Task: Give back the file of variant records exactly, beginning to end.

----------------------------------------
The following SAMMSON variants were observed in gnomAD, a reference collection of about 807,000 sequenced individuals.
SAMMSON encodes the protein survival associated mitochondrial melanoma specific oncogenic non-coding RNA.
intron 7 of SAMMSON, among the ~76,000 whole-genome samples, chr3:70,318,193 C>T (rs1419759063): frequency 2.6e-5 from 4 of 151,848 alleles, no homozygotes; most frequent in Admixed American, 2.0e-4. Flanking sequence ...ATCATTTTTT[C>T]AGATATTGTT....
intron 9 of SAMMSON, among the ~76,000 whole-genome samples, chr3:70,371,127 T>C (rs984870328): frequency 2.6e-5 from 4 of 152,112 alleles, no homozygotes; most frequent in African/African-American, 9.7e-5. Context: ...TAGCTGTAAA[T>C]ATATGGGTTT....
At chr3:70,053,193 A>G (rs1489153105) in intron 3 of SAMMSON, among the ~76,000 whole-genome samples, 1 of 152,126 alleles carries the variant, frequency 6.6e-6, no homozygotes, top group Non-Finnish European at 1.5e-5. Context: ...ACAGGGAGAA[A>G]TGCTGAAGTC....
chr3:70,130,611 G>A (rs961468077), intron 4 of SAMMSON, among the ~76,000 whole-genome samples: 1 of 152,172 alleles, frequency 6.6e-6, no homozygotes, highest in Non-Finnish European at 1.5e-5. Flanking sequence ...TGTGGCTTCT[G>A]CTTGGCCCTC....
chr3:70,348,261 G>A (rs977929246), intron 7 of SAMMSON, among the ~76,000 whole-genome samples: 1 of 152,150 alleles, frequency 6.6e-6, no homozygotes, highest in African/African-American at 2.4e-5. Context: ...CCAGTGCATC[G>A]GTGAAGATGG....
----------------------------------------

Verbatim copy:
The following SAMMSON variants were observed in gnomAD, a reference collection of about 807,000 sequenced individuals.
SAMMSON encodes the protein survival associated mitochondrial melanoma specific oncogenic non-coding RNA.
intron 7 of SAMMSON, among the ~76,000 whole-genome samples, chr3:70,318,193 C>T (rs1419759063): frequency 2.6e-5 from 4 of 151,848 alleles, no homozygotes; most frequent in Admixed American, 2.0e-4. Flanking sequence ...ATCATTTTTT[C>T]AGATATTGTT....
intron 9 of SAMMSON, among the ~76,000 whole-genome samples, chr3:70,371,127 T>C (rs984870328): frequency 2.6e-5 from 4 of 152,112 alleles, no homozygotes; most frequent in African/African-American, 9.7e-5. Context: ...TAGCTGTAAA[T>C]ATATGGGTTT....
At chr3:70,053,193 A>G (rs1489153105) in intron 3 of SAMMSON, among the ~76,000 whole-genome samples, 1 of 152,126 alleles carries the variant, frequency 6.6e-6, no homozygotes, top group Non-Finnish European at 1.5e-5. Context: ...ACAGGGAGAA[A>G]TGCTGAAGTC....
chr3:70,130,611 G>A (rs961468077), intron 4 of SAMMSON, among the ~76,000 whole-genome samples: 1 of 152,172 alleles, frequency 6.6e-6, no homozygotes, highest in Non-Finnish European at 1.5e-5. Flanking sequence ...TGTGGCTTCT[G>A]CTTGGCCCTC....
chr3:70,348,261 G>A (rs977929246), intron 7 of SAMMSON, among the ~76,000 whole-genome samples: 1 of 152,150 alleles, frequency 6.6e-6, no homozygotes, highest in African/African-American at 2.4e-5. Context: ...CCAGTGCATC[G>A]GTGAAGATGG....